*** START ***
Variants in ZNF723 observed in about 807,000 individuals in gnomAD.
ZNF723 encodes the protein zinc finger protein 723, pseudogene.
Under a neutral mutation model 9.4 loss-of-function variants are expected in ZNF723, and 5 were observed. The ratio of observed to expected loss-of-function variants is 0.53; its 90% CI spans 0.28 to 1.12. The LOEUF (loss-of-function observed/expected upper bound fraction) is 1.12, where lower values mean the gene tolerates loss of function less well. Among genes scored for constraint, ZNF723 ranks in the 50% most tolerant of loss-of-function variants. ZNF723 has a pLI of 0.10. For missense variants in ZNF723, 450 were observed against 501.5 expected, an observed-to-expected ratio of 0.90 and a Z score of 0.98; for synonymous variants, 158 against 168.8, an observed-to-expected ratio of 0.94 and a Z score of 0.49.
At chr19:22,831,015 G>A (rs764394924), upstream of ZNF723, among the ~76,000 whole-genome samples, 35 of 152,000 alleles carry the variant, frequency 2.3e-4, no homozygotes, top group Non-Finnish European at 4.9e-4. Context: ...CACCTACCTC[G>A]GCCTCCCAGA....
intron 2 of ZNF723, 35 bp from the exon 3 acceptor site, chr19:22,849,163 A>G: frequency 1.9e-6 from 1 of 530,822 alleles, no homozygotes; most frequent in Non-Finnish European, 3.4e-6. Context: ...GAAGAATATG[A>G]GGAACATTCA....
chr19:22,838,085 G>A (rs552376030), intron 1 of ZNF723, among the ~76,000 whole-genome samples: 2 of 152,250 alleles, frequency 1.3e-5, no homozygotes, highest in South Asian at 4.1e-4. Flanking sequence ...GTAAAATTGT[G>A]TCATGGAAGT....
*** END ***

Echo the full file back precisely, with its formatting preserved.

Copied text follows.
Variants in ZNF723 observed in about 807,000 individuals in gnomAD.
ZNF723 encodes the protein zinc finger protein 723, pseudogene.
Under a neutral mutation model 9.4 loss-of-function variants are expected in ZNF723, and 5 were observed. The ratio of observed to expected loss-of-function variants is 0.53; its 90% CI spans 0.28 to 1.12. The LOEUF (loss-of-function observed/expected upper bound fraction) is 1.12, where lower values mean the gene tolerates loss of function less well. Among genes scored for constraint, ZNF723 ranks in the 50% most tolerant of loss-of-function variants. ZNF723 has a pLI of 0.10. For missense variants in ZNF723, 450 were observed against 501.5 expected, an observed-to-expected ratio of 0.90 and a Z score of 0.98; for synonymous variants, 158 against 168.8, an observed-to-expected ratio of 0.94 and a Z score of 0.49.
At chr19:22,831,015 G>A (rs764394924), upstream of ZNF723, among the ~76,000 whole-genome samples, 35 of 152,000 alleles carry the variant, frequency 2.3e-4, no homozygotes, top group Non-Finnish European at 4.9e-4. Context: ...CACCTACCTC[G>A]GCCTCCCAGA....
intron 2 of ZNF723, 35 bp from the exon 3 acceptor site, chr19:22,849,163 A>G: frequency 1.9e-6 from 1 of 530,822 alleles, no homozygotes; most frequent in Non-Finnish European, 3.4e-6. Context: ...GAAGAATATG[A>G]GGAACATTCA....
chr19:22,838,085 G>A (rs552376030), intron 1 of ZNF723, among the ~76,000 whole-genome samples: 2 of 152,250 alleles, frequency 1.3e-5, no homozygotes, highest in South Asian at 4.1e-4. Flanking sequence ...GTAAAATTGT[G>A]TCATGGAAGT....